Do Yourself a Favor, Texans: Favor Delivery Service Now Available in Houston

Austin, TX — January 19th, 2014 — Favor, the mobile app that allows you to have anything you crave delivered, is extending its Texas stronghold to include Houston. The app, which was developed by entrepreneurs and former pizza delivery guys, Zac Maurais and Ben Doherty, makes ordering your favorite food as simple as tapping a button.

Favor has gained a significant consumer base in Austin, where it first launched in June 2013 and now employees over 700 tuxedo-t-shirt wearing runners across Austin, Dallas & Boston — and now Houston. The app connects customers to drivers, who will pick up anything, from queso to video games, in under an hour.

At a time when most start-ups are choosing to automate — taking the human error factor out of the mix, at Favor, people are vital to the process. The algorithm is built to support the runners, not the other way around.

“The Favor Runners (drivers and bikers) are the face of the company,” says Zac Maurais. “We’ve engineered the tools to optimize the delivery process. Runners receive directions, details about the orders, and can communicate directly with customers.”

Runners converse with consumers via text message to let them know approximate wait times or if an item is not available, providing instant customer service and — as their 95 percent approval rating indicates — satisfaction.

“I think it’s important to stay human, to empower our drivers and make the service personable,” says Ben Doherty. “There’s something special about having these one-on-one conversations happen. Our Favor Runners work as your personal assistant. They each have their own ways of building a relationship in a short amount of time.”

Maurais and Doherty grew up together in New Hampshire. The pair developed Favor’s pilot app in Doherty’s alma mater, California Polytechnic State University, before relocating to Austin after a cross country trip. Like many Texas transplants, they were won over by the barbeque, music and the warmth of the local people.

“Most consumer start-ups feel like they need to be based in San Francisco to succeed,” says Maurais. “We’re a testimony to the fact that it’s possible to build a high growth company in Texas. The people here have been so welcoming and helpful. When we got started in Austin last summer, The University of Texas opened its doors and offered us office space at ATI.”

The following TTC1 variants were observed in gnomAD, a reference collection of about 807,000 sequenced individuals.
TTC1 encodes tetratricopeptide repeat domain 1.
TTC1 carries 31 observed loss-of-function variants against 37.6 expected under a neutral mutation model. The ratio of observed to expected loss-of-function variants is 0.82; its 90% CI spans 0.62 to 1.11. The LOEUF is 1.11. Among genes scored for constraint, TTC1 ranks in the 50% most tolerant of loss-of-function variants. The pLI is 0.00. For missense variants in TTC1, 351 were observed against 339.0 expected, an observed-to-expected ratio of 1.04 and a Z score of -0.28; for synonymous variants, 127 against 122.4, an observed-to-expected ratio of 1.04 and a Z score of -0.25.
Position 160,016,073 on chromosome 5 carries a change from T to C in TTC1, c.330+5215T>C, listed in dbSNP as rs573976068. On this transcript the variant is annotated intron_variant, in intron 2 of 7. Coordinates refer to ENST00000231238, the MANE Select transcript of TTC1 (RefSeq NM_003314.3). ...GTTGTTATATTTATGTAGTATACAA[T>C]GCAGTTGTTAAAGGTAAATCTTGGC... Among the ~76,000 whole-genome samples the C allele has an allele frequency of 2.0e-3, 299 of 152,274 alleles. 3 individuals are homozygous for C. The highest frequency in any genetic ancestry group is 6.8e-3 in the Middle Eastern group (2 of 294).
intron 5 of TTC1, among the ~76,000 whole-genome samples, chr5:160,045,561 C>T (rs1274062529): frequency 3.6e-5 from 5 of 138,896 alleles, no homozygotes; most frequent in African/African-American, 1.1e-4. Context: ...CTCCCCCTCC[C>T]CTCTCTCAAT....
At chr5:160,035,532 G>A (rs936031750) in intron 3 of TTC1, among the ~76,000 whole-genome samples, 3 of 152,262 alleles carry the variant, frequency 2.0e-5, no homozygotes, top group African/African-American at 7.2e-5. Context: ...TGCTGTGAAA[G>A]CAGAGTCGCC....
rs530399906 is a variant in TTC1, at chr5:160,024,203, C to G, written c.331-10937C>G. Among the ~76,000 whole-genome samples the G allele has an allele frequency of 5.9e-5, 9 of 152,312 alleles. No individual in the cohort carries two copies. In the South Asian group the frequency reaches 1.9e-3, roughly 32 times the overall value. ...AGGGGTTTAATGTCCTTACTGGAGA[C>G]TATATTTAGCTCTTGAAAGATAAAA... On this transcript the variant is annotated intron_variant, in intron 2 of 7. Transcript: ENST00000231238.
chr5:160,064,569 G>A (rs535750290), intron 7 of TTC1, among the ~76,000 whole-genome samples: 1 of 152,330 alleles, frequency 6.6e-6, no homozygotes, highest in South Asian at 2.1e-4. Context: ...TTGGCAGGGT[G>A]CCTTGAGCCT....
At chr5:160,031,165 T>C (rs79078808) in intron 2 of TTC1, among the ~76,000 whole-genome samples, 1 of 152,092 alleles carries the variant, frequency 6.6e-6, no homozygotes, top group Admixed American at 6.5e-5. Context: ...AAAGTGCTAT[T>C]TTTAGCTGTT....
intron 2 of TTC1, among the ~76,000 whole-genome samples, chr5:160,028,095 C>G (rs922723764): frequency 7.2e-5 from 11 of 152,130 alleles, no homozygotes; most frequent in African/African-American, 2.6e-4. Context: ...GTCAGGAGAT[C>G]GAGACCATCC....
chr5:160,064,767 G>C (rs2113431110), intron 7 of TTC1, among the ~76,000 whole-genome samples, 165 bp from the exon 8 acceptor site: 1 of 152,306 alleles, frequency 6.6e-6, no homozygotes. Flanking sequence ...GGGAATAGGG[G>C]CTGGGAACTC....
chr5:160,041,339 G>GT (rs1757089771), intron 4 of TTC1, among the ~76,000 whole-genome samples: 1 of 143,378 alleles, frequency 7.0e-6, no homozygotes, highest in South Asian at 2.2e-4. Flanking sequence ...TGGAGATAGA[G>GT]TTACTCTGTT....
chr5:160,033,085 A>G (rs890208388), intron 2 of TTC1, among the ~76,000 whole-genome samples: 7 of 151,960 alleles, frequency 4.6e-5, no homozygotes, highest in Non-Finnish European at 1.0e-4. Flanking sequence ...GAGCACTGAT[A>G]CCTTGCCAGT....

“Since we launched in Dallas in November we’ve seen the effect of our local network,” says Doherty “Everyone has a friend in Dallas and Houston. Word of mouth is a huge driving force for Favor.”

While Texas has a wealth of fantastic food options, until now there hasn’t been a strong food delivery culture. Since launching in 2013, Favor brought local businesses $4.5M in additional sales revenue. The app has proved most popular with young professionals, foodies and college students eager to have their favorite foods delivered right to their door.

Initially, the app will service the Downtown, Rice Village, Midtown and Medical Center areas of Houston (Favordelivery.com/map/houston/) from 11.am. — 9 p.m. every day.

To celebrate their launch in Houston, Favor will be giving all first-time customers a free delivery. Use promo code “CLUTCH” on checkout to waive your $6 delivery fee. Customers in Dallas can share their invite codes with friends to both give and earn free deliveries.

The app, which is also available in Boston, plans to expand aggressively across the country in 2015. Favor is backed by Tim Draper and Austin venture capitalists at Silverton Partners.

“It’s amazing to see the system we’ve built from scratch being used by so many people,” says Maurais. “In Austin, nearly anywhere you go for dinner or lunch, you’ll see a Favor Runner picking up food in their blue tuxedo shirt. We’ve already came a long way, but we feel we’re just getting started. Eventually, we want everyone to think of Favor before picking up their keys.”

Every child is an artist. The problem is how to remain an artist once he grows up / Picasso

Every child is an artist. The problem is how to remain an artist once he grows up / Picasso